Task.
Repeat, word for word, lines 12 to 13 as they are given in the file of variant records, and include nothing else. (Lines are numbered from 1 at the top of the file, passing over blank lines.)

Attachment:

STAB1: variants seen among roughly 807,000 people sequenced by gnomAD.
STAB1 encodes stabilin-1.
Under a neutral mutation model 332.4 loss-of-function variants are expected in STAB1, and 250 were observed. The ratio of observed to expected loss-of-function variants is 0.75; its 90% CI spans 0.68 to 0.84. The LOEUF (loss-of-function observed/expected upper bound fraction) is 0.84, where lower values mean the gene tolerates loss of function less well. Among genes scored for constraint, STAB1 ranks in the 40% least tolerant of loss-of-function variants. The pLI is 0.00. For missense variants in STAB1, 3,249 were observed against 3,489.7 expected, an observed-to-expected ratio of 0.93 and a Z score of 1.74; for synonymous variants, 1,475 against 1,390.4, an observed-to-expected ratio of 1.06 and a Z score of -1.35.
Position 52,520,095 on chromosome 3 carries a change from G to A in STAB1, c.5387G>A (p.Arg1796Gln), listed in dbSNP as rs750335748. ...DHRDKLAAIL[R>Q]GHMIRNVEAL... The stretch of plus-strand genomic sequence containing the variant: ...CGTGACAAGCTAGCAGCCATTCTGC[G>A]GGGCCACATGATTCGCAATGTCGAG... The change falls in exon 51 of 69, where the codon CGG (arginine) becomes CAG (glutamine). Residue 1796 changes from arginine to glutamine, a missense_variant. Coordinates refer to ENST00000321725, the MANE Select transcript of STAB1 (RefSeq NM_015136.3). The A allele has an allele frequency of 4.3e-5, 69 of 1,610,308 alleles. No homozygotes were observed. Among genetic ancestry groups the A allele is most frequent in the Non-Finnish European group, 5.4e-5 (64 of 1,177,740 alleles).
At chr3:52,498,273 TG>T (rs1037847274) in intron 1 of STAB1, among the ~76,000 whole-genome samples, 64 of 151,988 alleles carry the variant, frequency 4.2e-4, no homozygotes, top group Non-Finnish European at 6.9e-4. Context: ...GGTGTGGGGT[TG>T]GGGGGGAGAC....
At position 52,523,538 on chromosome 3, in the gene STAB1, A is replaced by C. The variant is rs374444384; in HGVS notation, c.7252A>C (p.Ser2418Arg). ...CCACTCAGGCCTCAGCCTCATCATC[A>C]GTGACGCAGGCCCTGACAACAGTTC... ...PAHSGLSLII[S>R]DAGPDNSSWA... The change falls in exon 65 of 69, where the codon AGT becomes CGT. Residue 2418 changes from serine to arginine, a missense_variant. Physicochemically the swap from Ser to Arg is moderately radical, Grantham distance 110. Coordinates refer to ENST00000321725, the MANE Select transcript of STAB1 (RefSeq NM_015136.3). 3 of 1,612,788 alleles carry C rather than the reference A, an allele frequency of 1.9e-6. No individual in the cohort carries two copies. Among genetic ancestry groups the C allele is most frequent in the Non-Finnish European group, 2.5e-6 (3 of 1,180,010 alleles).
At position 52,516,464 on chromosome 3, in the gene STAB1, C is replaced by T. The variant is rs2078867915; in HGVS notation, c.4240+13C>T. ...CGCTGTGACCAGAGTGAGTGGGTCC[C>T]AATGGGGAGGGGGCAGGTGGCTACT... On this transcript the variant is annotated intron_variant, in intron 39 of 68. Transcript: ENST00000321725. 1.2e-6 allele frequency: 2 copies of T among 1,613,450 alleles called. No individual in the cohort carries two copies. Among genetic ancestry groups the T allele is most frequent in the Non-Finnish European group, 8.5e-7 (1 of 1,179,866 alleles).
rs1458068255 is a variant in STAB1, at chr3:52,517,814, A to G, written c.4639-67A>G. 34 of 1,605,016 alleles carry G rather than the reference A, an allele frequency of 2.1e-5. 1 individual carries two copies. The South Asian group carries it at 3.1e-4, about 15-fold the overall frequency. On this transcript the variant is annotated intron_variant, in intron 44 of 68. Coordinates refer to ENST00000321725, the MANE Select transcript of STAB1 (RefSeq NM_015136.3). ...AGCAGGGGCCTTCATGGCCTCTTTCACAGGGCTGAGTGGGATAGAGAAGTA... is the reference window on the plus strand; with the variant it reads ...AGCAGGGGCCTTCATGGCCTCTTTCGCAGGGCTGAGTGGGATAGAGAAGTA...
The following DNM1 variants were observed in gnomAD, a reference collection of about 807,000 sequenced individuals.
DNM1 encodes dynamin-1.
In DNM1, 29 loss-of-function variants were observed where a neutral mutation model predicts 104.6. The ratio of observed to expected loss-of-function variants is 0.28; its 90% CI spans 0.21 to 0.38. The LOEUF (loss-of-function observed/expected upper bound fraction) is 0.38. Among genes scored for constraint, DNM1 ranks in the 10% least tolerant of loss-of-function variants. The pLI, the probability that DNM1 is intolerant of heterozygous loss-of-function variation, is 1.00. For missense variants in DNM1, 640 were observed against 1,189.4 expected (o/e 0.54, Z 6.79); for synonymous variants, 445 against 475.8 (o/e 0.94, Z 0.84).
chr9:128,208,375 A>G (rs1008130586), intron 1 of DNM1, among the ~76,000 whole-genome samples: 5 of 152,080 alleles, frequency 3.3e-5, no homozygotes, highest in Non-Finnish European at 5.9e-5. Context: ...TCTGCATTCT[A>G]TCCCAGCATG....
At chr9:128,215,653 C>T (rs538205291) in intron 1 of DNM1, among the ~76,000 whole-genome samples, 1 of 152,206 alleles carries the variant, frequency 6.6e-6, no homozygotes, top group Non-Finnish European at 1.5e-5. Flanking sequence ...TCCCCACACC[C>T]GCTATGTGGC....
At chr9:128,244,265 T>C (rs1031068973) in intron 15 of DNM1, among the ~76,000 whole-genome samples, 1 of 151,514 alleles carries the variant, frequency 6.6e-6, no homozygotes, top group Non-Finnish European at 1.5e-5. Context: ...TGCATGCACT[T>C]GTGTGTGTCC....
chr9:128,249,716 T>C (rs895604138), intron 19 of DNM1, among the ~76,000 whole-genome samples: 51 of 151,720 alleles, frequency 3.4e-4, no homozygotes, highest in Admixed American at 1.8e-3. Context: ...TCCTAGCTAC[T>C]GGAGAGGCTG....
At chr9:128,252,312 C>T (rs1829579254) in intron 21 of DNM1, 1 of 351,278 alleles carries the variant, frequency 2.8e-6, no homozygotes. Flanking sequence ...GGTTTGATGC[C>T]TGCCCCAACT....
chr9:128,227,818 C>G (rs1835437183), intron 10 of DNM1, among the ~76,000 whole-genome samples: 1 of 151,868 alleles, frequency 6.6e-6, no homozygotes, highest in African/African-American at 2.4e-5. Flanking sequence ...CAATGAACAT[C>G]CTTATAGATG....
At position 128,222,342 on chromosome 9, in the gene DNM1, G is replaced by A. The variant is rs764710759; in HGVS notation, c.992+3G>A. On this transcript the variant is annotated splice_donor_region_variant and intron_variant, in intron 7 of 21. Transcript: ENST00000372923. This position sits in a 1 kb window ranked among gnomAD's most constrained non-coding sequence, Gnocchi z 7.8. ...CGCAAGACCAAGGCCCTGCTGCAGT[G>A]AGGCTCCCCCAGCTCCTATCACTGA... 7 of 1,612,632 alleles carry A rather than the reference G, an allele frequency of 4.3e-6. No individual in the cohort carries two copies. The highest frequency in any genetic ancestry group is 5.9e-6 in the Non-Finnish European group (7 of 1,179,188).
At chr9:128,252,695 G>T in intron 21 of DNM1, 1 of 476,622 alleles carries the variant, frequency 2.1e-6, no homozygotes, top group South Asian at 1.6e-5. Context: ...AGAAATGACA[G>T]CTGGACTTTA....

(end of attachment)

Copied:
chr9:128,208,375 A>G (rs1008130586), intron 1 of DNM1, among the ~76,000 whole-genome samples: 5 of 152,080 alleles, frequency 3.3e-5, no homozygotes, highest in Non-Finnish European at 5.9e-5. Context: ...TCTGCATTCT[A>G]TCCCAGCATG....
At chr9:128,215,653 C>T (rs538205291) in intron 1 of DNM1, among the ~76,000 whole-genome samples, 1 of 152,206 alleles carries the variant, frequency 6.6e-6, no homozygotes, top group Non-Finnish European at 1.5e-5. Flanking sequence ...TCCCCACACC[C>T]GCTATGTGGC....